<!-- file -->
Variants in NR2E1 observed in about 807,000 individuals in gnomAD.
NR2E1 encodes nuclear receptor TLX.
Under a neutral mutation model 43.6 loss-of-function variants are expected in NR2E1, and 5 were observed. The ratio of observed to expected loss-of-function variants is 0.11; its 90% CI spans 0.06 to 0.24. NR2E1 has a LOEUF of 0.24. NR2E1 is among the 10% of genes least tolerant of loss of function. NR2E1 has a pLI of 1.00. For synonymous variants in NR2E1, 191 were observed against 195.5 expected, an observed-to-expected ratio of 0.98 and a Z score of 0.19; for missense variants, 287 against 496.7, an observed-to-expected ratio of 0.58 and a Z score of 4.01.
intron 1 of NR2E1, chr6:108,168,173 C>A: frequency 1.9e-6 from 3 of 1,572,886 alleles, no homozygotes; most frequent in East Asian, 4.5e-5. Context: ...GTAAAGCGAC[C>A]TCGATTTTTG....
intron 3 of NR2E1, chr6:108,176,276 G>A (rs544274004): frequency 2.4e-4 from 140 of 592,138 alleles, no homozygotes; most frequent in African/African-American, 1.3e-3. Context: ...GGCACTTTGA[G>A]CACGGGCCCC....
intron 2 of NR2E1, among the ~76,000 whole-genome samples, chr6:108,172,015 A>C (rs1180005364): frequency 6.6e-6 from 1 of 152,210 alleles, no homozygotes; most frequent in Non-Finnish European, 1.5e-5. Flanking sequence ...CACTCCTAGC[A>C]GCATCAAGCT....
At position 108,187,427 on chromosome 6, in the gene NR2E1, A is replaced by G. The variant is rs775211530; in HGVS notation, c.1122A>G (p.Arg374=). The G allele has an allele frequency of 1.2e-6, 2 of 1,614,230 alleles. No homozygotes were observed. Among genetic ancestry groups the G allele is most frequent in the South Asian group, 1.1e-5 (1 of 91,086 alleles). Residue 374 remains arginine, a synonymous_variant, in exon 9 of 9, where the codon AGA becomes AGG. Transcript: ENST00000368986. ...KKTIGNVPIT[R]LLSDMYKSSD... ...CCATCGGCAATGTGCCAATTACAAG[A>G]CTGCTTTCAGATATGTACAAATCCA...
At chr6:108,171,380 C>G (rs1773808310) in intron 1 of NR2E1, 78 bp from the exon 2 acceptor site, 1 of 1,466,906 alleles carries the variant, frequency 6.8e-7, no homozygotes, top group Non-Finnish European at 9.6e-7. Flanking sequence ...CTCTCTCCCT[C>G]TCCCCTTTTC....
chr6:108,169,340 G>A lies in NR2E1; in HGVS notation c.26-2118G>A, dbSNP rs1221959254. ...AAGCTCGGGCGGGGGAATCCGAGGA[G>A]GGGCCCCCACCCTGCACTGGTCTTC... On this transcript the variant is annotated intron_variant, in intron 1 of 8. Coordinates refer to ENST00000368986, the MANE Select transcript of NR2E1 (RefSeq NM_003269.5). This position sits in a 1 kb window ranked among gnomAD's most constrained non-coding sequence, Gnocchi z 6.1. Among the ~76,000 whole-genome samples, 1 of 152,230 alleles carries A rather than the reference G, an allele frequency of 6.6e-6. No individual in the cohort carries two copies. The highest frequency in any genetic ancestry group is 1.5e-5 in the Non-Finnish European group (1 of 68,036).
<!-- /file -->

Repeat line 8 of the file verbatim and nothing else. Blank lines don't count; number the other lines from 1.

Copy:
At chr6:108,171,380 C>G (rs1773808310) in intron 1 of NR2E1, 78 bp from the exon 2 acceptor site, 1 of 1,466,906 alleles carries the variant, frequency 6.8e-7, no homozygotes, top group Non-Finnish European at 9.6e-7. Flanking sequence ...CTCTCTCCCT[C>G]TCCCCTTTTC....